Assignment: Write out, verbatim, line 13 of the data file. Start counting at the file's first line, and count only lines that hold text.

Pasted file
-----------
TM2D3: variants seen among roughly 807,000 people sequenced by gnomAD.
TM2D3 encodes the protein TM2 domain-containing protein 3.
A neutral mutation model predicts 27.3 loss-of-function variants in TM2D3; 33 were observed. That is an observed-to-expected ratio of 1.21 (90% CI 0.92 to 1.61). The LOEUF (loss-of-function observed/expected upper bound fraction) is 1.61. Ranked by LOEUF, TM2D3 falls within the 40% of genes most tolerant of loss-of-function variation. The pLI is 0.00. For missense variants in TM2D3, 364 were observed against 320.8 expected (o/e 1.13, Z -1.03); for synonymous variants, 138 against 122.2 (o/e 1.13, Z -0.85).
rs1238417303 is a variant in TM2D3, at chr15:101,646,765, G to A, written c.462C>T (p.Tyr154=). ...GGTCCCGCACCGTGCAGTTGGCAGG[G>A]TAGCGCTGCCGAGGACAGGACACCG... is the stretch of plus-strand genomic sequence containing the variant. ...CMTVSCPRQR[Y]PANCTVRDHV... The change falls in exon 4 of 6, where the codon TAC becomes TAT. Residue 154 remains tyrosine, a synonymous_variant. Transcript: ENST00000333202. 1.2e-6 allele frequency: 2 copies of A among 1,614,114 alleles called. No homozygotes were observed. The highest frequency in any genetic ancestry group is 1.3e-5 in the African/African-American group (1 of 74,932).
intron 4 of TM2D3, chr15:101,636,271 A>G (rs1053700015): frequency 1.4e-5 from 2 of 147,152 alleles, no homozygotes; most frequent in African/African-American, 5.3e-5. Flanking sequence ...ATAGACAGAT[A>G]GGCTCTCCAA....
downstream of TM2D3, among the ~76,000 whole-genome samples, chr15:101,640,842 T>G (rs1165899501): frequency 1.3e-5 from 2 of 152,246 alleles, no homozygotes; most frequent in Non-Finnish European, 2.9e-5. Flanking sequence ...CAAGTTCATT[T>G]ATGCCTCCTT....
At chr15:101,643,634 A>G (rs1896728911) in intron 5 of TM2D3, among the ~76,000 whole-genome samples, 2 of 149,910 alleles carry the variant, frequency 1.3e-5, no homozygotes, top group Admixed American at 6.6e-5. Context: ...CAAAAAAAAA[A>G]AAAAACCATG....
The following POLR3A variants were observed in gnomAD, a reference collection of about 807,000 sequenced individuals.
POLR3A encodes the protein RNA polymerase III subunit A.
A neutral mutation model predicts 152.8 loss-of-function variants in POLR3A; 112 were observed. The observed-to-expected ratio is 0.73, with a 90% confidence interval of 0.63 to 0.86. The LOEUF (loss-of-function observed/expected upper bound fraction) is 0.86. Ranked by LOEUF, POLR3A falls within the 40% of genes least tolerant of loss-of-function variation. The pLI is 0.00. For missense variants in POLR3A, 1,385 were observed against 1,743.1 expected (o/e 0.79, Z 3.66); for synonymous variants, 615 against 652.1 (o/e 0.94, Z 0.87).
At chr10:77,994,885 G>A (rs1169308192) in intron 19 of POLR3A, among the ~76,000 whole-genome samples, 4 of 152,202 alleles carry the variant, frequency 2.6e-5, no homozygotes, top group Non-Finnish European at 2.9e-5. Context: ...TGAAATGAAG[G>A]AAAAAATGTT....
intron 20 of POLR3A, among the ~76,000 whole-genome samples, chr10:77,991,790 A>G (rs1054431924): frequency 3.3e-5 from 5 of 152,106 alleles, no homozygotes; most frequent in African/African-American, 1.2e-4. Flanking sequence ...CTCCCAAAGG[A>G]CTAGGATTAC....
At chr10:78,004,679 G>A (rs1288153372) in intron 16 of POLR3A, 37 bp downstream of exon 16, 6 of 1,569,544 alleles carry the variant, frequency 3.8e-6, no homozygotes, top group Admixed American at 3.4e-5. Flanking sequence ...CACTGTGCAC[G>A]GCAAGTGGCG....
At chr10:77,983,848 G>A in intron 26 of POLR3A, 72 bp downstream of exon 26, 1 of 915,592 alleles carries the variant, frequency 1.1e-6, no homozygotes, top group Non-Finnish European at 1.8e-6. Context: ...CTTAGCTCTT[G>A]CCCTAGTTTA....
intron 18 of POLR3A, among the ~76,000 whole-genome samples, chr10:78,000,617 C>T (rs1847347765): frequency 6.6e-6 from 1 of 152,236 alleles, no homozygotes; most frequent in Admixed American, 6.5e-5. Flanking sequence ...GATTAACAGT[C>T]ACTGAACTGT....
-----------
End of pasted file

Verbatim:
At chr10:78,004,679 G>A (rs1288153372) in intron 16 of POLR3A, 37 bp downstream of exon 16, 6 of 1,569,544 alleles carry the variant, frequency 3.8e-6, no homozygotes, top group Admixed American at 3.4e-5. Flanking sequence ...CACTGTGCAC[G>A]GCAAGTGGCG....